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Southern Eyes

Madelyn Murray O'Hare would turn over in her grave if she knew about the McDuffie County Board of Education December regular meeting. Personally, I applaud the board, along with the administrators of the central office.

Over the years, I sat with them through hours and hours of budget work sessions, deliberations, presentations, conferences, monthly planning sessions and retreats.

I know that they have the best for McDuffie County's children at heart. I also know they have overwhelming obstacles in their way -- mostly in the form of humongous budget cuts. And they have to consider the effects of their decisions on the faculty and staff.

So, I wouldn't trade places with any of them no matter what. I can't imagine being in their shoes, having to sit in public and talk through my decision-making process, knowing that anything I say could suddenly be printed in black and white across a front page.

I have to stay on my toes as I try to be sympathetic to them, yet not forget my duty to keep accountable to the public those in control of public funds and responsibilities.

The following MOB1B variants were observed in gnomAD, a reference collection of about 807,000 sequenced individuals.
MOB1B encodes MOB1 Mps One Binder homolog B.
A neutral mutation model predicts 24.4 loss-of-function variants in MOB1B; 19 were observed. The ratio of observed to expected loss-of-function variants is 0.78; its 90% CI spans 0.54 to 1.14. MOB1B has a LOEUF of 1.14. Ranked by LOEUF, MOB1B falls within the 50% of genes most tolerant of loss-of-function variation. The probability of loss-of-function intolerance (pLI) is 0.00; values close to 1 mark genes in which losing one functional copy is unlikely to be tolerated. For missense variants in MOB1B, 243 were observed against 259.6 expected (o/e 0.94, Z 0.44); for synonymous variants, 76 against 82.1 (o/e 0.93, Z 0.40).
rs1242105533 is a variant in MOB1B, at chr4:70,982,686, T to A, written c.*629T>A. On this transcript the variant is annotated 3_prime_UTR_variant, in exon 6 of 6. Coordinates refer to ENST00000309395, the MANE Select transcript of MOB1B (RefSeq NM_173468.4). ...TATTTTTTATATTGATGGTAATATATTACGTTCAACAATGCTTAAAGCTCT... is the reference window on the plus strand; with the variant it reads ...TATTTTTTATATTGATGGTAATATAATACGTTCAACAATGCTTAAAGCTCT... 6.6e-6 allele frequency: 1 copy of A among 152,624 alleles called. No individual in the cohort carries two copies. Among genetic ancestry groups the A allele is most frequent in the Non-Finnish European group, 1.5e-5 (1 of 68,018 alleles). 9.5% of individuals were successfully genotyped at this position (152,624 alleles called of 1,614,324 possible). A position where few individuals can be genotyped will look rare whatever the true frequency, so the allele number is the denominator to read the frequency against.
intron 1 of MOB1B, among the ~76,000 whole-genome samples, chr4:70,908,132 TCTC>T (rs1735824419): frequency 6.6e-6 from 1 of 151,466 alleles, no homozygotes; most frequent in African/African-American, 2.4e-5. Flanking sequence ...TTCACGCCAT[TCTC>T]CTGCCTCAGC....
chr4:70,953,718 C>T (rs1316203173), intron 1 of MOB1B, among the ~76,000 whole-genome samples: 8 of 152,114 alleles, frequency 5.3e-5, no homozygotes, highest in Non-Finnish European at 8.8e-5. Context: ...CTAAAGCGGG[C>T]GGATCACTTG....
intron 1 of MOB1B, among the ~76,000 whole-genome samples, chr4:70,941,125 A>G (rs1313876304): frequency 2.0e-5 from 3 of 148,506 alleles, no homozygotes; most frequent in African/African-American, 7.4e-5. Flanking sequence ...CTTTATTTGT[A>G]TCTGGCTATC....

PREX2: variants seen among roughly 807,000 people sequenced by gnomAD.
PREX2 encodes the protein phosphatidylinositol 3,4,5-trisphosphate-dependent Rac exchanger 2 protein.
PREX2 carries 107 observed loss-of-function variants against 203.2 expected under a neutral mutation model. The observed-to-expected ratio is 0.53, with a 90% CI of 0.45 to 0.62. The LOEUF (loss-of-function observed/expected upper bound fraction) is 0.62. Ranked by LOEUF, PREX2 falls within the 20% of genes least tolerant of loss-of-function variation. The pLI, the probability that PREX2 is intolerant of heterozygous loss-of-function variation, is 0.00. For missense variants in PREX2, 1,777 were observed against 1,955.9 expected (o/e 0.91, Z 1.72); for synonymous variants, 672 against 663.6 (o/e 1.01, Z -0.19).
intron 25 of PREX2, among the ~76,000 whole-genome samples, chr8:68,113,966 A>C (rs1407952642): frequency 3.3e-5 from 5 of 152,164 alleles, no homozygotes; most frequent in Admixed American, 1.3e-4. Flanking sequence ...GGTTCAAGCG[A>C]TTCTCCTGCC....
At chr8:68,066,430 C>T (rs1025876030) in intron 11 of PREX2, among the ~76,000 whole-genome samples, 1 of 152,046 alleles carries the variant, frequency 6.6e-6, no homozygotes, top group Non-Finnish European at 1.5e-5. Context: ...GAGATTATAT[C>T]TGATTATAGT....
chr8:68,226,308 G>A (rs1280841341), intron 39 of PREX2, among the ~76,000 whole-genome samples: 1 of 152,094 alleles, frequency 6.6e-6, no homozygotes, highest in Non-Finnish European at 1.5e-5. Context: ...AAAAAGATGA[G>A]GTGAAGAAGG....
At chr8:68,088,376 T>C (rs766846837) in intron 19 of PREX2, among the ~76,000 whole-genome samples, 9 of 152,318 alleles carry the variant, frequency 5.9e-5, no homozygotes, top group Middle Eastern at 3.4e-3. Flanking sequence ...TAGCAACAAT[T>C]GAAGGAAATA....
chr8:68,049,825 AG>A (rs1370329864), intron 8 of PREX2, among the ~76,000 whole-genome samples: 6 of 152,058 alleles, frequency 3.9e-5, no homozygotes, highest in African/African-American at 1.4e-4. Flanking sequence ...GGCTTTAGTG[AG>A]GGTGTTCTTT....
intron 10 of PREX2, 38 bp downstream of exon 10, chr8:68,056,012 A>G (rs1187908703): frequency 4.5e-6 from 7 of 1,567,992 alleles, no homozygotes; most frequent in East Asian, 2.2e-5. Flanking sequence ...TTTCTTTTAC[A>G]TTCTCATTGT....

So, the last board meeting was like a breath of fresh air. Maybe it was the burden of more upcoming budget cuts they'd just heard. Maybe it was the approaching holidays. It could have been the seemingly long list of bad personal news, or maybe it was just the sudden cold weather.

But discussion ensued about a family member of an administrator suddenly becoming seriously sick. This led to more discussion of others in the school system who had family members going through bad health, some who had lost family members and would be mourning through the holidays, and some about to go through surgery.

I believe it was Assistant Superintendent Jim Franklin who suggested that the group have prayer before the meeting adjourned. He suggested comptroller Tom Smalley lead the prayer (Mr. Smalley also is pastor of a church.)

Everyone in the room -- board members, administrators, staff, media -- voluntarily formed a circle and joined hands, lifting up praise and petitions to God in unity with Mr. Smalley.

It was a heart-felt prayer, interceding on behalf of those in need. Expressions of praise and thanksgiving escaped the lips of others in the circle. The intercession extended beyond those who are sick and went on to seek guidance for upcoming decisions, for mercy and strength to face obstacles and for a bond of love for each other and all in the school system, both staff and students.

As for me, I was in awe -- finally, a board that knew Who to turn to when they are overwhelmed.

I can't wait to see results.



Web posted on Thursday, December 31, 2009













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